I love reading different translations of the Bible to gain new perspective on verses, but I accompany that with introspective comparison of variant readings, as well as word studies in the original languages.
When I read The Message (copyright Eugene Peterson), it seems like listening to a great-sounding preacher who doesn’t directly refer to the Bible. Afterwards I feel like finding the passage he was talking around, and reading the entire chapter for myself in a standard translation, because I’m not quite sure what his “message” has to do with the word of God.
That has nothing to do with the idea that any particular translation is anointed by God or that his interpretation conflicts with my preconceived ideas. It has to do with humbling myself enough to be open to spiritual guidance from other, more mature believers, rather than accepting everything that feels good to me right now.
Some of Peterson’s interpretations directly conflict with the spiritual discernment of generations of mature, intelligent, trustworthy believers, as expressed by their confidence in “literal” translations. Although I heartily endorse opposition to Christian Pharisaism, Peterson’s overall “message” is not one that will build up the spiritual strength of the church. It weakens spiritual discernment by trying merely to be acceptable to modern sensibilities, by submitting to the reader’s laziness instead of teaching and challenging him, by treating him like a spoiled child whom the Heavenly Father dares not bore or intimidate for fear of alienating him.
Pablum is for Babies
Don’t get me wrong about what it means to read God’s Word. I think it should be available in as many forms as possible. However, what is permissible is not always edifying, especially as we grow up.
If the only way you can understand the gospel is with a ground-up, predigested and regurgitated version of the Word, that’s fine for starters. That is why Jesus taught in parables, so that the people would have no excuse for rejecting Him superficially.
However, once you get the basic idea and you are ready to grow in the Spirit, you need real food. Otherwise, you are just sitting in your high chair, fingerpainting with your baby food, when you should be sitting in a real chair at the King’s table and using the tools given you by the Spirit to dig into something substantial.
This is a lesson quickly learned in any martial art. For example, when fencing, the novice tends to stay back a little too far and attack his adversary’s blade. He is intimidated by his adversary’s blade and has no physical courage. His adversary can easily feint and make one touch after another. Eventually he gets frustrated at never getting a touch, and he launches into a wild, foolhardy flèche. He is still intimidated when he does this, but he has momentarily overcome his fear in a surge of undisciplined emotion. The adversary can, with little effort, deflect the novice’s blade and deliver a devastating touch as the novice careens off the strip.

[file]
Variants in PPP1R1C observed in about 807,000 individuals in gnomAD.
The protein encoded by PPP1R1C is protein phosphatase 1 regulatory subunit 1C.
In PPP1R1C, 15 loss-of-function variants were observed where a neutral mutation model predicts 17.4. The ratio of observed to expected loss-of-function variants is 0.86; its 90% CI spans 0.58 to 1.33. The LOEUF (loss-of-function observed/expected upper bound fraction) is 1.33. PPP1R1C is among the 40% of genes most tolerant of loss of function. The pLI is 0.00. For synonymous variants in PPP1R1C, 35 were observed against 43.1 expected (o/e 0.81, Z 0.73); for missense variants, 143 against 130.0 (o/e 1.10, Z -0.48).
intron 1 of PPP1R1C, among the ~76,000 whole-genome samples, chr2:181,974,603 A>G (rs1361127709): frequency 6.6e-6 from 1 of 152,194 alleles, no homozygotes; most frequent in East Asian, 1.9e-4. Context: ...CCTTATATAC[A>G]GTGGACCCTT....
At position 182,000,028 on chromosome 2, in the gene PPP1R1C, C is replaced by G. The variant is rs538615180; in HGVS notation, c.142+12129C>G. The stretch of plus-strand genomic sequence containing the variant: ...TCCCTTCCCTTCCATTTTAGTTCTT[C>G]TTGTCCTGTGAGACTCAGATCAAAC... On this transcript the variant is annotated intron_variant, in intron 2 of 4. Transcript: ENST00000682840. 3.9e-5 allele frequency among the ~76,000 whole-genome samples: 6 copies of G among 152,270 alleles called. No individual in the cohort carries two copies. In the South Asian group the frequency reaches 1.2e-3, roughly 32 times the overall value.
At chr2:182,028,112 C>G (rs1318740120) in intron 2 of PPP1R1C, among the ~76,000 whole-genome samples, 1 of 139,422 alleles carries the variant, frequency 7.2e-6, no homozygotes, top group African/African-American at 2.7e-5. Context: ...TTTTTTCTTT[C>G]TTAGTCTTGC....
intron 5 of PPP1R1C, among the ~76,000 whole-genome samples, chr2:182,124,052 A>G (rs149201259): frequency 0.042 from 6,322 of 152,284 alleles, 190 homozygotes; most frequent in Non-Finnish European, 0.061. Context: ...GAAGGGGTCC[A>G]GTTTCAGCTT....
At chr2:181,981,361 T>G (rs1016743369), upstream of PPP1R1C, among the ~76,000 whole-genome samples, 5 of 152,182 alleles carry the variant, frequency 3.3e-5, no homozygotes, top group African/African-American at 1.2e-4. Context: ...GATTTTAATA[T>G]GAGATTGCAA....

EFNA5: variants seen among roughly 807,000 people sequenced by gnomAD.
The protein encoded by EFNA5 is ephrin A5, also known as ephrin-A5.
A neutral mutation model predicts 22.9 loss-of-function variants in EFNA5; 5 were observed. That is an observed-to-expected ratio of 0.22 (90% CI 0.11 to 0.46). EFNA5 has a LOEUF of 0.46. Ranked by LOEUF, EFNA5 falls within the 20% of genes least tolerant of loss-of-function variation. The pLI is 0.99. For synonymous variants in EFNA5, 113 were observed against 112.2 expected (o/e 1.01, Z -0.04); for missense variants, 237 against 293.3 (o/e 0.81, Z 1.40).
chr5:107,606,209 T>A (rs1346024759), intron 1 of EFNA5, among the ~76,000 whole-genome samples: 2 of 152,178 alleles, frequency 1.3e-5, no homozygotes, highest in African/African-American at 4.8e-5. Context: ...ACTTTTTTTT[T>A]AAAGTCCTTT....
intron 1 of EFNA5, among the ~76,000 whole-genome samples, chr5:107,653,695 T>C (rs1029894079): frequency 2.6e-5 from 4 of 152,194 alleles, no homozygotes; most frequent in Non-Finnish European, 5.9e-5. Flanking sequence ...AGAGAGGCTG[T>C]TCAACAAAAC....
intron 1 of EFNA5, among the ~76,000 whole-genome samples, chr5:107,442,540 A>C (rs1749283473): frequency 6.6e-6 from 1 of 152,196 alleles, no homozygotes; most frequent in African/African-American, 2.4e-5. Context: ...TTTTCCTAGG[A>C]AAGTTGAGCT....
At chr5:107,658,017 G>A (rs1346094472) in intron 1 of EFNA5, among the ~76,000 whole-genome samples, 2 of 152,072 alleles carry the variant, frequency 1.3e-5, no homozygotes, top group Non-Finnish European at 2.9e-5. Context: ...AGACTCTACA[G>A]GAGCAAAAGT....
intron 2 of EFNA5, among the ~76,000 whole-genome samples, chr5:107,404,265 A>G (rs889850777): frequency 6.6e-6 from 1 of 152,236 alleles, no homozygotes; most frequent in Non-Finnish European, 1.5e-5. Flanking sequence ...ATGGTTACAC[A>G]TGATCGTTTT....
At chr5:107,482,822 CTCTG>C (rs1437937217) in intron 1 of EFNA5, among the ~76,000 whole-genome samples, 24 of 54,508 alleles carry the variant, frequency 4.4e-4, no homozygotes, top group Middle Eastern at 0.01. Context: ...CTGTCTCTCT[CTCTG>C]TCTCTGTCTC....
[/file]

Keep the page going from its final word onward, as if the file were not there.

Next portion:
The Word has been joyfully received, but has fallen on shallow soil.
With practice, the fencer learns that he can judge distance, that he can lunge gracefully and take the line. Through determined effort and familiarity with his adversary’s weapon and tactics, the fencer inadvertently learns that he has the courage to boldly use his Sword as a weapon against the Adversary.
The Word is the Reason
There is a reason why certain Christian issues are still being debated despite centuries of ecumenicalism, unification, schism, reformation, inquisition, excommunication, co-optation, dilution, and televangelism.
It isn’t because Love Is All You Need, the infallible Vicar of Christ reigns on earth, or the Warrior Messiah came to foment insurrection. It isn’t because of systematic theology, purpose-driven prosperity, 17th-century hymns, or Godblogging.
The reason is that we are talking about a person and a text of divine origin. The person described in this text doesn’t pander to us or stroke our vanity. He doesn’t teach like the teachers of the law, but as one who has authority. He says it’s better to lose part of your body than to go to hell because of it. He says if you’re not for him, you’re against him, and if you don’t obey him, you’re not his friend.
The text shows him being humiliated and beaten before he is executed. It shows his crowds of listeners as needy, capricious, and vindictive, while his close followers are faithless, stupid, deceitful, and cowardly. Among the gospels, the epistles, and the revelation to John, there is something to offend almost everyone.
This story just cries out for serious editing, to make it more consistent, less discriminatory, more positive, and just plain fun. Moreover, every time someone tries to make it “useful” for some political or social purpose, someone else goes back to the text and points out why they’re wrong. It’s almost as if God expects us to think for ourselves! I hate it when that happens.
Giving a mature believer the weak rhetoric, adolescent symbolism, and feminized wording in a “seeker’s Bible” is like feeding a grown man a bunch of candy for dinner. He’s going to have a storming glucose level followed by an insulin-soaked crash and a lot of nausea. Is it any coincidence that this could be used to describe the spiritual state of the modern church?